With the arrival of August this outdoorsman's thoughts turn to hunting. Some good fishing remains to be had in the coming months, but with the way my fishing season has gone so far I'm definitely looking forward to hunting.
This fall I plan to hunt bear for the second time. My first attempt two years ago was unsuccessful. I don't have a strong desire to shoot a bear, but I'd like to see one in the woods. The only bears I've seen in the wild were running across roads. To see one coming through the woods at a natural gait would be a thrill.
I also plan to hunt Minnesota's newest gamebird, the mourning dove. I've watched the doves around the bird feeder in our yard this summer and wondered how many will end up in hunters' bag this fall. Part of the reason I anticipate the dove season is that I have a new pup. Doves will be a great way to introduce him to hunting. On our nightly walks he's flushed a few doves, and as I watch their erratic flight I wonder how I'm ever going to hit one. I have a hard enough time with straight-flying grouse, pheasants and ducks.
Speaking of grouse and pheasant, I hope to do better on each this fall. I've managed to shoot only two or three grouse in each of the past four seasons. Yes, the birds have been at the low end of their population cycle, but now they're on the upswing and that excuse no longer holds.
Same for pheasant. Minnesota hunters downed 511,000 ringnecks last fall and I added none to that total. South Dakota had a near-record harvest last fall and I added a whopping two birds to that total. I should've had about a dozen on my one South Dakota hunt, but the rooster pheasant remains a tough challenge for this wingshooter. For that reason I've made weekly visits to the Lake Shore Conservation Club this summer in hopes that trap and skeet practice will help my aim.
Ducks haven't exactly cluttered up my freezer the past few falls. Despite rosy predictions of great hatches and good flights, ducks have been scarce where our party hunts in Morrison County. In seasons past it was common to shoot two boxes of shells in a day. I haven't shot even one box in a day for several seasons now. Are the good 'old days of Minnesota waterfowling behind? I'd like to be optimistic, but when I note how many potholes have been lost in just my lifetime it's evident that ducks are losing the battle for habitat.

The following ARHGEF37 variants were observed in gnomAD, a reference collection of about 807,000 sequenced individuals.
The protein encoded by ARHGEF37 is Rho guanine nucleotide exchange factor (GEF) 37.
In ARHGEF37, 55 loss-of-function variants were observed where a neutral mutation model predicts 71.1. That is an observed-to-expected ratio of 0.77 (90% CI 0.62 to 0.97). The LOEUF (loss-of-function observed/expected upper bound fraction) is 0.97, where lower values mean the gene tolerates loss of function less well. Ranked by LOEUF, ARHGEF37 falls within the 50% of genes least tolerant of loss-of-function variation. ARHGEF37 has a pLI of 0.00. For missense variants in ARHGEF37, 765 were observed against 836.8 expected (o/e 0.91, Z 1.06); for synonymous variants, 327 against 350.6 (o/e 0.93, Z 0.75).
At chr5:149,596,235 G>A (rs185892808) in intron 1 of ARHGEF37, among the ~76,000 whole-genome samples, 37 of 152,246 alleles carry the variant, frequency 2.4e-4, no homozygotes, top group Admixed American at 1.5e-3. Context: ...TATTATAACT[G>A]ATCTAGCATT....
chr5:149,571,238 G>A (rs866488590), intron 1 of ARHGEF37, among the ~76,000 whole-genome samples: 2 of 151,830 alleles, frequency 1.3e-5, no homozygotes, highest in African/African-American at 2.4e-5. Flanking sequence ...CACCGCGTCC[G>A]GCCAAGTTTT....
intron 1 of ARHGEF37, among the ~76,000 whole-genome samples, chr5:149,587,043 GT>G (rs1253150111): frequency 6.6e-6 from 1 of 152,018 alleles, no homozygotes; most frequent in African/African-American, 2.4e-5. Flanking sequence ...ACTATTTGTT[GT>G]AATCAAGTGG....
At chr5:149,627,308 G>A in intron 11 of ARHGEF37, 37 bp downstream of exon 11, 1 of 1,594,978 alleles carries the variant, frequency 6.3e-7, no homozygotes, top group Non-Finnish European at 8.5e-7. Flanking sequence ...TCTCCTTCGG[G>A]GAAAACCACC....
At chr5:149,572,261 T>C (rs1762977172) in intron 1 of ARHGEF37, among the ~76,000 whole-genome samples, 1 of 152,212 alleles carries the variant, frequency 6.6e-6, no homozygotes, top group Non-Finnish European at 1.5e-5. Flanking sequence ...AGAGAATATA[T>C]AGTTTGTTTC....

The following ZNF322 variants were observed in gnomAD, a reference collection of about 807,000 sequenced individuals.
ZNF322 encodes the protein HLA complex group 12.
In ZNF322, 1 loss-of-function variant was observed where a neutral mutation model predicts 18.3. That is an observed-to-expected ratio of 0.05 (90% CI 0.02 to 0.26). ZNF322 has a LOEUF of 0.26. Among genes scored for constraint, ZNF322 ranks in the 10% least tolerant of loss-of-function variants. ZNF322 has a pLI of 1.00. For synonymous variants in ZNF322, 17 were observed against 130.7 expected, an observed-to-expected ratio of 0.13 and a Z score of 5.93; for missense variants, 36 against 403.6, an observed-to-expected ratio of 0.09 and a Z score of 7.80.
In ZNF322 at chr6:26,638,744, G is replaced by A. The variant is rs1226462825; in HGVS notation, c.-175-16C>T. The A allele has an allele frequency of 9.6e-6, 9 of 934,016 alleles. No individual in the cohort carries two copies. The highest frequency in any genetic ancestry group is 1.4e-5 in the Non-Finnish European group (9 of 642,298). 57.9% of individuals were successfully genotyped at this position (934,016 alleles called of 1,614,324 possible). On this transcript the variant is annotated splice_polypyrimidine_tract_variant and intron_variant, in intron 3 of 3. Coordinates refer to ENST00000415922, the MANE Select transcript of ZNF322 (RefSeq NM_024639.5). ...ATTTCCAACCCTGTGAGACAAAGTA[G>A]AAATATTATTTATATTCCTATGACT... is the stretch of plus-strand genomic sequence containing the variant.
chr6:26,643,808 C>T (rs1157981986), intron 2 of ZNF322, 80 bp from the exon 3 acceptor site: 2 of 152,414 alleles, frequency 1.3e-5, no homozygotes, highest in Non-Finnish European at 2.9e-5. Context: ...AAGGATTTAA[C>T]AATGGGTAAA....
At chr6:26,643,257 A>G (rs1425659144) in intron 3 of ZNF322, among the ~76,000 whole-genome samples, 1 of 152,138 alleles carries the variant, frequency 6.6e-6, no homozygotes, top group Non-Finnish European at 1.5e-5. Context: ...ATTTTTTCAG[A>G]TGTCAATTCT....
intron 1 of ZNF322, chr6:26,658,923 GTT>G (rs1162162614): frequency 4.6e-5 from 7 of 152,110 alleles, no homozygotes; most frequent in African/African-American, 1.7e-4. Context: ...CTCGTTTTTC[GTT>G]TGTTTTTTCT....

Deer hunting remains a bright spot. August is the month for bowhunters to round up the gear, make sure it works and practice shooting. Too many times I've taken too long to get in form. The Camp Ripley bow hunt in October or the rut in November are not the times to be working out kinks in your setup. By then the quick and efficient placement of a deer stand and the ability to place an arrow in a 6-inch circle should be second nature.
And this fall I plan to do something I haven't done since 1997: buy a firearms deer license. When I got into bowhunting I found that to be successful I had to set aside gun hunting and concentrate all my efforts on getting within bow range of deer. But now I realize it's been seven years since I hunted with my brother, who hunts the firearms season only. For both of us the greater portion of our hunting days are behind. If we don't get together and hunt now we might never do it.
How about you? What hunts are penciled in on your calendar? Let all hunters resolve now, at the start of August, to leave some of the yard work and household chores undone this fall and get out hunting. Before we know it Dec. 31 will be here and we'll be watching the sun go down on another hunting season and wondering where it went.
VINCE MEYER can be reached at firstname.lastname@example.org or (218) 855-5862.
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